The island is very diverse landscape-wise and is indeed rather large. It takes almost three hours just to drive east to west, from Cape Willoughby to Flinders Chase National Park, and over an hour – north to south – from Stokes Bay to Vivone Bay. Guided by Steve, we slowly took it all: rolling hills and secluded bays of the North Coast; the rugged, almost surreal landscape of the South Coast; iconic Remarkable Rocks on the western end; the picturesque seaside village of Penneshaw on the Dudley Peninsula; and of course – the animals. The Kangaroo Island was spared by the damage done to the mainland by the species introduced by the European settlers, such as foxes or rabbits. As a result, it preserved its unique environment. Some animals either evolved into distinctly different-looking creatures like long-haired kangaroos, and some, almost extinct on the mainland, like Tammar wallabies, flourished.
We could not drag ourselves away from Steve’s “secret” place, just around the corner from his estate, where Australian sea lions and New Zealand seals sun-bathe on the shore surrounded by their babies. In the morning we were greeted by giant long-haired kangaroos and curious wallabies. Late evening we had the cutest brush-tail possum honoring us with his regular visits to our deck. One afternoon we encountered two echidnas crossing the road: each one stopped to either pose for Alex or pretending it was a stone. Koalas slept up high on eucalyptus trees, but one was considerate enough to demonstrate us her amazing front and hind paws: she stretched them one at a time in a slow tai-chi-type motion. We were among the animals of Australia, true indigenous custodians of this island.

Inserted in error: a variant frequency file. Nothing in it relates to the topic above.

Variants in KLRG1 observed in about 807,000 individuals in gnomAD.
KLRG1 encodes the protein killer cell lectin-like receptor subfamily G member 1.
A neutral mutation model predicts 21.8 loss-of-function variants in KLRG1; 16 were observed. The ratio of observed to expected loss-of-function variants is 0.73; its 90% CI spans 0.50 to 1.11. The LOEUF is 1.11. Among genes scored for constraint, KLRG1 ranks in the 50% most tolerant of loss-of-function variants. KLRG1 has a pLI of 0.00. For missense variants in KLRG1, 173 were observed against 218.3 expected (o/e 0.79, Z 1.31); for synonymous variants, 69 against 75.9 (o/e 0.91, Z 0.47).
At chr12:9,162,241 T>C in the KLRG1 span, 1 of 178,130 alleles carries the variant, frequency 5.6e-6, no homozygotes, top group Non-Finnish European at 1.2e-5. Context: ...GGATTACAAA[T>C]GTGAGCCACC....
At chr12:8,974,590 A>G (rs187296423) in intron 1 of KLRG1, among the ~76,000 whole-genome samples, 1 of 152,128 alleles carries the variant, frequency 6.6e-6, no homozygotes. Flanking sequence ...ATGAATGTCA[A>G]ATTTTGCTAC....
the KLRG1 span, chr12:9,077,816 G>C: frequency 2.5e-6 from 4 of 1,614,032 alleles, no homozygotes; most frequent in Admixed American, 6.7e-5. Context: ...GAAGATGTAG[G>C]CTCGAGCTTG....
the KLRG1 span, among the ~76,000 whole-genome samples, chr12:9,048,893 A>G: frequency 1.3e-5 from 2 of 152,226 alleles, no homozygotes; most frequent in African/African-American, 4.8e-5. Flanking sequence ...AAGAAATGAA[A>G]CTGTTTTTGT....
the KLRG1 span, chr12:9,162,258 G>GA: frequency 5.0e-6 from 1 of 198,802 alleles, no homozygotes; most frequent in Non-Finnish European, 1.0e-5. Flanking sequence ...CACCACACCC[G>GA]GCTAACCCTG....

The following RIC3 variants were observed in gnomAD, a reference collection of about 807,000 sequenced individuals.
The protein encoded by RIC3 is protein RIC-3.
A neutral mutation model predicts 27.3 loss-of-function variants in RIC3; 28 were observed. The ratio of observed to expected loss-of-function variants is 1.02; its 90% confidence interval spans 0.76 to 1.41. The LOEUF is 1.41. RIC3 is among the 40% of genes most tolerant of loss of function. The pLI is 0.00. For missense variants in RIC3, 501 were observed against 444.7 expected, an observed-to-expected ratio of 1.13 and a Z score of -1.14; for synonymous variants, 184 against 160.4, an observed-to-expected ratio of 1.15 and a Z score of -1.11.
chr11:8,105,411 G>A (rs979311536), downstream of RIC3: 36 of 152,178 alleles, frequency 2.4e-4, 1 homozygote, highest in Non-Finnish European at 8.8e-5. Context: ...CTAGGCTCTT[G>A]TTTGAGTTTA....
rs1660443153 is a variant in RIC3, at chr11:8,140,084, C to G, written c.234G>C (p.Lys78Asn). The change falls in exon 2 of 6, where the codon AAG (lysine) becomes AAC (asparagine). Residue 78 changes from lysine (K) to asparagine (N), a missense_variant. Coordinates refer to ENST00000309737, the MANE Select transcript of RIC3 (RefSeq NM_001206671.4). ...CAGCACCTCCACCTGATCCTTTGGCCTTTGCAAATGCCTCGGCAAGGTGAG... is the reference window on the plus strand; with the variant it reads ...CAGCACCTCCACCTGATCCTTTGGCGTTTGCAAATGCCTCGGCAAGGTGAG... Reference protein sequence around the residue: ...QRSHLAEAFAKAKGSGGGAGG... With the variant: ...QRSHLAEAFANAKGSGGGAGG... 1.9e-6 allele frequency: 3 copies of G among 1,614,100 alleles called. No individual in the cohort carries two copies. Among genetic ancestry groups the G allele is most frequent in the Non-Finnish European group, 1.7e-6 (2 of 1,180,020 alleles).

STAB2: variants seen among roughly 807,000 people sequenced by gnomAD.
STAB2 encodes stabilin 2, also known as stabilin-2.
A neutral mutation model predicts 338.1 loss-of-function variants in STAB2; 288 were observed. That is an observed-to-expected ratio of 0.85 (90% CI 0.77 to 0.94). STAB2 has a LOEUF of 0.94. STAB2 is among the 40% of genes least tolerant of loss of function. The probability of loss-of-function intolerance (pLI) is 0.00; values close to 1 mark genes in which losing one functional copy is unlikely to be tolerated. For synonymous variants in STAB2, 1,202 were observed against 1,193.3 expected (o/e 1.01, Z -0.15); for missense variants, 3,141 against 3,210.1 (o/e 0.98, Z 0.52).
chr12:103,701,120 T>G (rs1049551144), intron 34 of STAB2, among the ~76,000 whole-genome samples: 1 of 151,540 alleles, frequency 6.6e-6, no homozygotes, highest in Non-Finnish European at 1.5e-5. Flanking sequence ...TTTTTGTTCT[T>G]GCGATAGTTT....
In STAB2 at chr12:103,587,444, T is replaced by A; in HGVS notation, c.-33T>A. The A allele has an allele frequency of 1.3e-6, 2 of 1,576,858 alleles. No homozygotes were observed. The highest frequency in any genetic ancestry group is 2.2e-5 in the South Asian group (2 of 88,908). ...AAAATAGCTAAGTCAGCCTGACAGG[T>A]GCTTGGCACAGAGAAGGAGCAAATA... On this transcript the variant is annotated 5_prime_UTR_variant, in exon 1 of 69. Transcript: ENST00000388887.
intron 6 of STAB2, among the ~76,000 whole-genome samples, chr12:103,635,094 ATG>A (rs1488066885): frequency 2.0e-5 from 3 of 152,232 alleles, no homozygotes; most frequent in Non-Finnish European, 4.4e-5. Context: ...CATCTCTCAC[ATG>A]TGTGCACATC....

For us, the Sea Dragon Lodge became the center of this unique world. Steve, an excellent guide, was a wonderful host as well. He presented us with a bottle of champagne on our milestone anniversary and organized a once-in-a-life-time experience to celebrate our special day: a luncheon inside an…ancient fig tree! (See my next review/blog).
A great majority of US visitors concentrate their exploration of Australia on Sydney and Melbourne, supplementing their experiences by visiting either the Ayers Rock or the Great Barrier Reef. While these iconic places are certainly the “musts,” no true understanding of this country could be complete without a trip to the Kangaroo Island. And, of course, without encountering the host-guide-friend par excellence: Steve Lane and his terrific Sea Dragon Lodge!
1. The best place to stay and discover the island: Sea Dragon Lodge: http://www.seadragonlodge.com.au/
2. To get to the island, fly to Adelaide and then take either Regional Express Air: http://www.rex.com.au/ or
3. SeaLink Ferry: https://www.sealink.com.au/kangaroo-island-ferry/
Going to Iceland on vacation or business? Take a look at this Insight Guides Iceland. This book is a great trip companion. Invaluable for trip planning and once you arrived, for exploring. Lots of historical and current information and photos. Articles are well written and maps are some of the best.
Includes chapters on Iceland history, features, Insights, photo features, places, travel tips, transportation , accommodations, and activities.